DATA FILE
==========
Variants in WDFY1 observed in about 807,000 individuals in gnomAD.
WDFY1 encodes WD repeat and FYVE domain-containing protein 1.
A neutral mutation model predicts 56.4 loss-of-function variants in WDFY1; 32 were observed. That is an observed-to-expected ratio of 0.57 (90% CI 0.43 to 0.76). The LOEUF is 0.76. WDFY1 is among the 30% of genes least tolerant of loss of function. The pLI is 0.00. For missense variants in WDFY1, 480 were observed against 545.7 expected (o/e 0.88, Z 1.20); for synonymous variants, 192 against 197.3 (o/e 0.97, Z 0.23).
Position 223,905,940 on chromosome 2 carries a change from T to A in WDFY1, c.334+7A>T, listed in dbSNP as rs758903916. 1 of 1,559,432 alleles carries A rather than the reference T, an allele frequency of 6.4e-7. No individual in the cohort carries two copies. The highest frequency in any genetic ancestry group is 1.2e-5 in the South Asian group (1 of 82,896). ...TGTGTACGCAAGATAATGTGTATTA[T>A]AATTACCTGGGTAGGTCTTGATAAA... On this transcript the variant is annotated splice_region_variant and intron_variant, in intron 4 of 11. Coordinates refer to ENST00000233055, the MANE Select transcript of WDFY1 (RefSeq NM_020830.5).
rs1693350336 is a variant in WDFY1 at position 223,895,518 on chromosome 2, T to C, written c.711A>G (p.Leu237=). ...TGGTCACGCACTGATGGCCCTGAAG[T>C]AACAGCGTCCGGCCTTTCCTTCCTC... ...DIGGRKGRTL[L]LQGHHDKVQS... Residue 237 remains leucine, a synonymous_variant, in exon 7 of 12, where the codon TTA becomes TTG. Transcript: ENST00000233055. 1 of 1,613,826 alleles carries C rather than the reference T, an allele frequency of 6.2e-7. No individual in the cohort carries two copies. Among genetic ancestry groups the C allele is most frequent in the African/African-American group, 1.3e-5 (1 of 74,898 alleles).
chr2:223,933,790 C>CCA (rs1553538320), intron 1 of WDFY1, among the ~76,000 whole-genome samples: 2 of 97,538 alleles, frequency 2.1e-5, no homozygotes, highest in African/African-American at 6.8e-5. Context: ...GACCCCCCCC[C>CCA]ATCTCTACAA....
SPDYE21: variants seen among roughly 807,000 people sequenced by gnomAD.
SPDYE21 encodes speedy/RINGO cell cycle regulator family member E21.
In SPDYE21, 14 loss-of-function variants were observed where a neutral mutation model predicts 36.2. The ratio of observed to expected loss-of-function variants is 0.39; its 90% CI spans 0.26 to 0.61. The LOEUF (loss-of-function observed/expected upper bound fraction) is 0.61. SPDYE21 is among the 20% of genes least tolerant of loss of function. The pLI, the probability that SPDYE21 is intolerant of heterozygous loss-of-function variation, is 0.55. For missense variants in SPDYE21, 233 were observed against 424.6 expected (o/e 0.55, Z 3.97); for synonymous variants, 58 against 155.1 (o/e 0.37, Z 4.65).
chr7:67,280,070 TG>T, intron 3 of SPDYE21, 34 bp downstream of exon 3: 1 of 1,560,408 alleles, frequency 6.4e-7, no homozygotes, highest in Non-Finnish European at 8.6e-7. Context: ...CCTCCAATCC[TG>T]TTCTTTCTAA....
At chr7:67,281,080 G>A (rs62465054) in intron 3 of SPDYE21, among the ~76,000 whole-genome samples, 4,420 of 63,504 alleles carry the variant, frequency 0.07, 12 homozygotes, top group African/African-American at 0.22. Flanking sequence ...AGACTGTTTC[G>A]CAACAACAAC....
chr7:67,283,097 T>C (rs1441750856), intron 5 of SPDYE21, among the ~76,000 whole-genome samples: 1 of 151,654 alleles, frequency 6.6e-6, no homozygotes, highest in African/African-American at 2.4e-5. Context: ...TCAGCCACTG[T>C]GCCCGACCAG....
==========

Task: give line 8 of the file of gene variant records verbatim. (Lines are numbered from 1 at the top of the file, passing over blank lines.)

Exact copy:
SPDYE21 encodes speedy/RINGO cell cycle regulator family member E21.